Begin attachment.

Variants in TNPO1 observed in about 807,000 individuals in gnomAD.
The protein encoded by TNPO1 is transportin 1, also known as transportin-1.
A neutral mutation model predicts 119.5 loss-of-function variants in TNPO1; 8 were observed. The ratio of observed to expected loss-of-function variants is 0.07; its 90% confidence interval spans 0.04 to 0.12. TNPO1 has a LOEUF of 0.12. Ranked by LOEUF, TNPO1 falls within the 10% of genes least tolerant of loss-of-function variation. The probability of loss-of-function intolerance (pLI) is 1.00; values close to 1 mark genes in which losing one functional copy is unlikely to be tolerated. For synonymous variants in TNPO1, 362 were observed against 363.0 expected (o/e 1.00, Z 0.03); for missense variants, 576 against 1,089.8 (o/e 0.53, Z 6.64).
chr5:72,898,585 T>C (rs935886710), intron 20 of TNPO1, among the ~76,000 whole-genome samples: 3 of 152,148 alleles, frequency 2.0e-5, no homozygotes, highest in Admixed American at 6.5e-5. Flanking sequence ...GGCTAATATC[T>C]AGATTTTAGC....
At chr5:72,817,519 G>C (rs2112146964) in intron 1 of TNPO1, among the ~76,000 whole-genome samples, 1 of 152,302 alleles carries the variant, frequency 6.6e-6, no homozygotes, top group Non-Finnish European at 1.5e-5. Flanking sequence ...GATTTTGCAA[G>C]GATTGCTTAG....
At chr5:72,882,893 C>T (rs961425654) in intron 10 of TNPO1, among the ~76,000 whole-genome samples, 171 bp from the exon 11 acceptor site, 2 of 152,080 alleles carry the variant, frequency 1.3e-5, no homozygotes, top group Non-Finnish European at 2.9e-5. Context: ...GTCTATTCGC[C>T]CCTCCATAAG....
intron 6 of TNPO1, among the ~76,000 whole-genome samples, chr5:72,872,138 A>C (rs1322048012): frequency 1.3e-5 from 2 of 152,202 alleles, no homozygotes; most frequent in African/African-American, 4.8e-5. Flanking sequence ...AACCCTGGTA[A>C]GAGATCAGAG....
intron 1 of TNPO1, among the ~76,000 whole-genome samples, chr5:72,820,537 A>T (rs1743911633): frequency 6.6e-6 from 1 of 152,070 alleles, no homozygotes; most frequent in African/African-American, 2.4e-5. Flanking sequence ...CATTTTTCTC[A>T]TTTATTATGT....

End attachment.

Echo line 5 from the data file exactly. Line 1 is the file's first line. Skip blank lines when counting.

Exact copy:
At chr5:72,817,519 G>C (rs2112146964) in intron 1 of TNPO1, among the ~76,000 whole-genome samples, 1 of 152,302 alleles carries the variant, frequency 6.6e-6, no homozygotes, top group Non-Finnish European at 1.5e-5. Flanking sequence ...GATTTTGCAA[G>C]GATTGCTTAG....